Tip of the Week
Few Americans are more time-strapped than parents. From the moment the alarm chimes, it can feel like a race to get through the day. From prepping for school or day care, to finalizing school projects and running to after-school activities, there's hardly a moment to spare! And with career demands, the stress of being a busy parent can really set in and negatively affect the body in many ways.
Luckily, some simple tips can help you reduce stress and feel your very best while being a good mom or dad to your family. Dr. Keri Marshall, a licensed naturopathic doctor who specializes in pediatrics, women's medicine and chronic disease management, understands the high demands of modern parenting. She offers some important tips that all parents should consider to help reduce stress and improve overall health and well-being.
1. Time management. "Time management is key for reducing stress and helping busy parents keep their sanity. The problem is that time management is a skill that must be learned, not something we're born with," says Marshall. "Staying organized can help you achieve all your goals."
Whether it's a traditional calendar on the wall, making lists, or a new smartphone app, organize your week and share your schedule with all family members. Remember to manage priorities - you may have to push grocery shopping a day or two in order to make a child's band concert or big game. "Also, be sure to schedule breaks throughout the day," reminds Marshall. "Just five or 10 minutes here and there can give you the pause you need to stay calm and collected."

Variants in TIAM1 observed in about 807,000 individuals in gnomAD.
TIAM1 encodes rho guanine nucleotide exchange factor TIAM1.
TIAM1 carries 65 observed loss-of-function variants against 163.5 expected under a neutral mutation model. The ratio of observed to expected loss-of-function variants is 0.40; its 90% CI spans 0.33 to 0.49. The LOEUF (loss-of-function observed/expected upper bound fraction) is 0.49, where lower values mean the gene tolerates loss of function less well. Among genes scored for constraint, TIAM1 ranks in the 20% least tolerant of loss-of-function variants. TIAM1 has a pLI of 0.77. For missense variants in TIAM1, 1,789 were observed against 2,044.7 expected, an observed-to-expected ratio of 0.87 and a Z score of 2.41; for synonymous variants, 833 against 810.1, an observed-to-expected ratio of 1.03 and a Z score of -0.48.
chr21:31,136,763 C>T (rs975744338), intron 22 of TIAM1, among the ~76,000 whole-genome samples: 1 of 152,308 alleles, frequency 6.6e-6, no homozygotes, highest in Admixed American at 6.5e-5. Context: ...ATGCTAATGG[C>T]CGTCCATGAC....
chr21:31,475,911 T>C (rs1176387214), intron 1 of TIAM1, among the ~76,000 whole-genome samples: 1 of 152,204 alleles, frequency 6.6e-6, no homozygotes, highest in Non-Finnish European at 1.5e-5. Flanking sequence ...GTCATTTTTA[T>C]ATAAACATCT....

2. Nourish your body. What you put into your body makes a huge difference in how you feel. Some foods can even help reduce stress and boost your immunity so you don't wind up sick, something busy parents simply don't have time for.
"Being stressed causes the body's cortisol levels to rise," explains Marshall. "This stress hormone can cause you to crave unhealthy foods, so resist temptation and eat foods that help calm the body and balance hormones and blood sugar. Foods high in vitamin C, like berries and other bright-colored fruit, are great for boosting the immune system and balancing cortisol levels."
3. Prioritize sleep. "Physical stress can make it difficult to sleep. People stay up later trying to get things done, and then when they do go to bed, they have trouble turning their brain off at the end of the day," says Marshall.
Keep in mind, quality sleep each night can help keep your body healthy and increase your productivity levels at work and at home. By making sleep a priority, you'll help ensure that you make the most of every hour in every day. While the National Sleep Foundation notes that the amount of sleep needed varies from person to person, generally seven to nine hours is considered optimal to maintain health.
4. Share the workload. You know the adage: It takes a village to raise a child? Well, today's parents are busier than ever, and often they think they need to do it all themselves. Leaning on friends and relatives to help out when needed can dramatically reduce your stress. Plus, it can be a fun change of pace for kids.
"Don't be afraid to ask for help," says Marshall. "Raising children is one of life's greatest adventures, but no one can do it all. There's no shame in asking Grandma to run the kids to soccer or having a friend watch the kids for a few hours because you have a work deadline. Plus, it is great bonding time for your children and the loved ones in their life.
GateHouse News Service